Friday 24 May 2019

'House of Cards' falls as second season fails to excite


Kevin Spacey in House of Cards
Kevin Spacey in House of Cards
Robin Wright with Kevin Spacey in 'House of Cards' - Netflix most sucessful show.
Kevin Spacey in House of Cards
Kevin Spacey arrives at a special screening for season two of House of Cards in Los Angeles (AP)

Clare Cullen

Following on from such an dramatic first season was always going to be difficult for the Emmy-award winning political drama, but aside from one explosive moment the second series fizzled.

The main problem was the second series lacked many of the attributes which made the first season so enthralling.

In the first season, Frank Underwood lied, cheated and murdered his way to the Vice-Presidency. However, it is ironically only in the second season where his character becomes unlikeable - and loses the audience's empathy.

The first season ended on a note of suspense, with the implication that all that Underwood had built was about to come crashing down. Cue the second season and all is well - Underwood becomes the VP and the journalists that were so close to exposing him suddenly have nothing.

It seems like the writers may just have forgotten about the cliffhanger, and hoped we would too. Never have I seen a show completely disregard and dismiss such a huge storyline (for the most part.)

Apart from one shocking moment in the second episode where Underwood pushed Zoe in front of a train, killing her instantly, the entire series lacked something. Underwood manipulated and schemed but it seemed to be rather pointless this time, having already secured the role he had wished for. The political storylines focused on donations and international relations mostly, both of which were boring, somewhat confusing for those unfamiliar with international relations and contrived.

The unravelling of the President seemed, quite frankly, all too easy. The entire series, Underwood achieved his goals without instilling a sense of fear in the viewer that he might be caught. By the end, did anyone really care?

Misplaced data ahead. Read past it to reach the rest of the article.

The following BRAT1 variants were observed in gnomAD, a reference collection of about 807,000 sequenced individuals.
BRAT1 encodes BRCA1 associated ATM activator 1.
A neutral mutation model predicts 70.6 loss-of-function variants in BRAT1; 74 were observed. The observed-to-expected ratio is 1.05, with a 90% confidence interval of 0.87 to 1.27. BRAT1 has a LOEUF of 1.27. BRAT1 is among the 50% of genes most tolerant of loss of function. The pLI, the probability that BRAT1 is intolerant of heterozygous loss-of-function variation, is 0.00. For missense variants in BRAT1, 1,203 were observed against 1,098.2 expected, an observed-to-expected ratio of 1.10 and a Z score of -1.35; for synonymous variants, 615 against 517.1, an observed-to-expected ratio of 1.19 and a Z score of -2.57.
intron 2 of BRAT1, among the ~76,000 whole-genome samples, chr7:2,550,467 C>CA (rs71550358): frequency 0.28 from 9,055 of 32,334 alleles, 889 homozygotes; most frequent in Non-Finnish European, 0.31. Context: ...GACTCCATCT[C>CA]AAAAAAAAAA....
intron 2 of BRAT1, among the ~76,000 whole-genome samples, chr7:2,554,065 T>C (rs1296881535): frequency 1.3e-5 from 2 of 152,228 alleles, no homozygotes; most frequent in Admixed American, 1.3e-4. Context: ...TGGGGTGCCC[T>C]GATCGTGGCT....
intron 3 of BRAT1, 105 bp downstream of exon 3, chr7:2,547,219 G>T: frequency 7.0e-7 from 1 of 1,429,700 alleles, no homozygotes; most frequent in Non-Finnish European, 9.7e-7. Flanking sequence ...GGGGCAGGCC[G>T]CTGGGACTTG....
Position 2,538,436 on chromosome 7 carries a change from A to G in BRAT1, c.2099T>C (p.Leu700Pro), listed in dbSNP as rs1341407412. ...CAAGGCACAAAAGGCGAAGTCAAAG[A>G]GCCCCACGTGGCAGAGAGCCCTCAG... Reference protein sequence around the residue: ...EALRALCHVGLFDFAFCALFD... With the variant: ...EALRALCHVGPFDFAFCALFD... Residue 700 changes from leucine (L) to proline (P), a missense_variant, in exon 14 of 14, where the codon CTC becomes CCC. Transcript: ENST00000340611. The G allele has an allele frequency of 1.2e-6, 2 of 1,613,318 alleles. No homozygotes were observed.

The secondary stories (some of which should have had more prominence, others less) were strange and half-baked. The entire sub-plot involving Claire, her military rapist and her sexual assault bill, just ended when Jackie Sharp refused to co-operate. Claire settled for a bill of half-measures, with absolutely no fight, and something the viewers invested fifty percent of the series in turned out to be a complete waste of time, other than to allow Claire to get close to the first lady in order to help Francis further manipulate the President - a plot which, again, made no sense. Politically, shouldn't Underwood have bound himself to the President and secured future re-election and possibly a future Presidential election campaign? Would the long-term strategy make sense, especially for someone who bided his time as Whip for six years?

A secondary story that got far too much airtime was the involvement of Doug with Rachel - the call girl who dallied with Peter Rousso in the first series. His overpowering nature, moving her from state to state, making her read to him and forcing her to break up with her girlfriend she met at a Christian Fellowship (another ridiculous plotline) was bizarre. His actions eventually led her to hit him with a brick over the head, and not a moment too soon but several episodes too late, in my opinion. I was already bored.

A storyline that didn't receive enough attention was the hacking storyline, stemming from the murder of Zoe in broad daylight and the subsequent jailing of her lover and colleague Lucas Goodwin. Goodwin was just left in jail with no conclusion, Zoe's murder was deemed an accident from the episode in which it happened, and the hacker became a member of the FBI for seemingly no reason other than to give him an opportunity to scare Doug into pushing Rachel to kill him.

None of the characters held my interest for very long, and the loss of the Zoe Barnes character is acutely felt throughout the series. None of the attempted replacements for Zoe's character were able to capture the viewer like she did. The random orgy between the Underwoods and one of the Secret Service was unexpected and then ignored - a strange distraction from the plot, in which the only time the two spouses show any sexual attraction to one another in the entire series is when there is a third person in between them.

The relationship between the two main characters is hard to read and becomes less believable as the series goes on. Their actions bypass ruthless and verge on ridiculous, and any empathy or passion felt for them is lost.

The Netflix formula of episode delivery - the whole season in one go - is detrimental to shows like House of Cards that attempt to build a sense of anticipation, of intrigue. After a few episodes, the storylines become boring and lose that effect entirely. Now, after completing a season which paled in companion to it's predecessor, fans must wait almost a year to see a third - which was commissioned (luckily) before the second was even released. Has the show done enough to keep it's fans interested until a third season is released? Personally, I won't be holding my breath.


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